When St. Petersburg voters approved a strong mayor form of government more than two decades ago, their intentions were clear. City Council members are not to interfere with the mayor's hiring decisions. Yet now council members want to rush a change onto the November ballot that would let them give their opinions about the mayor's key hires because they are miffed about their inability to influence the selection of the new police chief. This is not the time or the way to alter the balance of power in City Hall and undermine the mayor's authority.
It is ironic that the council's pursuit of a change to the City Charter comes after Mayor Rick Kriseman invited members to meet his top finalists for police chief and share their opinions with him privately. After council members hinted about their preferences in a public meeting and indicated they wanted to express their opinions to constituents, City Attorney John Wolfe read aloud this section of the charter: "Neither the Council nor any of its committees or any of its members, individually or collectively, shall direct or request the appointment of anyone to, or removal from, office by the mayor or any of the mayor's subordinates, or in any manner, directly or indirectly, take part in the appointment or removal of any officer or employee."
Council member Karl Nurse said the council should ask voters to change the charter so they can speak their minds next time. At the following meeting, Nurse was absent but his colleagues expanded the list of mayoral appointees they wanted to comment on. The council will hold a public hearing Thursday on an ordinance setting the charter referendum for Nov. 4 and approving the ballot question.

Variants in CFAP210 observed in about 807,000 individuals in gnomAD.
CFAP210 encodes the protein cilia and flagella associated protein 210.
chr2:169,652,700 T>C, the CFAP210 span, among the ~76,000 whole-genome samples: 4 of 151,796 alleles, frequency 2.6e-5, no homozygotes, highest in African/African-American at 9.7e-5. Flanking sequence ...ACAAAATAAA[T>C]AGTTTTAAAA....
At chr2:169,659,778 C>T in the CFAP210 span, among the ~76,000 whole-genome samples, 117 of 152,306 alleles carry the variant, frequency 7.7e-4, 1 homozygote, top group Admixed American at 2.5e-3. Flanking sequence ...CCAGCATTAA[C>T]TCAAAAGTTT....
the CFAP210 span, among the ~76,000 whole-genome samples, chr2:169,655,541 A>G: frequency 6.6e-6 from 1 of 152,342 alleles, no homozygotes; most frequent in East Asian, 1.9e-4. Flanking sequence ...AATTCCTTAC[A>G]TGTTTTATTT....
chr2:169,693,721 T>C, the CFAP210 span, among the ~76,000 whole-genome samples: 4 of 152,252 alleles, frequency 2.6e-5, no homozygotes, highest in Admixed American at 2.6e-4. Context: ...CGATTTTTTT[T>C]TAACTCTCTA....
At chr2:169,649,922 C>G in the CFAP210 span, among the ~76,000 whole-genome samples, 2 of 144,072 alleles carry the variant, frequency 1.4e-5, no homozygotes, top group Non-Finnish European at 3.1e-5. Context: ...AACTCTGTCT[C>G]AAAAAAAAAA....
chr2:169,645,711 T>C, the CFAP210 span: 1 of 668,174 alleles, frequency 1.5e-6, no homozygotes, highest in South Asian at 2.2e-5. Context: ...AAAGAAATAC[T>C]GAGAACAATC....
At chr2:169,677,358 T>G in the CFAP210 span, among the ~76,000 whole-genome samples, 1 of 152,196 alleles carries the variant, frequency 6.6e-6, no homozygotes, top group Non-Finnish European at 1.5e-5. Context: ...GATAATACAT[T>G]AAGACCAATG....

The council's frustration with being muzzled is understandable, especially since the city attorney interprets the charter to prohibit council members from expressing their personal opinions to anyone, even friends or constituents. That seems to be an extreme interpretation — council members do not give up their free speech rights when elected.
However, St. Petersburg voters clearly wanted the mayor to hire and fire city employees without outside pressure. Ideally, such a significant change would be vetted first by a Charter Review Commission, which could explore how other strong-mayor cities handle the issue. Tampa's charter requires the mayor, soon after taking office, to submit a list of senior managers to the council, which has a limited time to confirm or reject the appointments. At least that is a clearer approach than what is on the table in St. Petersburg.
Council members' rush to the ballot is motivated by their frustration over their lack of influence in selecting the police chief, despite Kriseman's efforts to involve them. The situation may not come up again soon. It would be foolish to rush a poorly worded change onto the November ballot that could confuse voters and undermine the reason for having a strong mayor in the first place.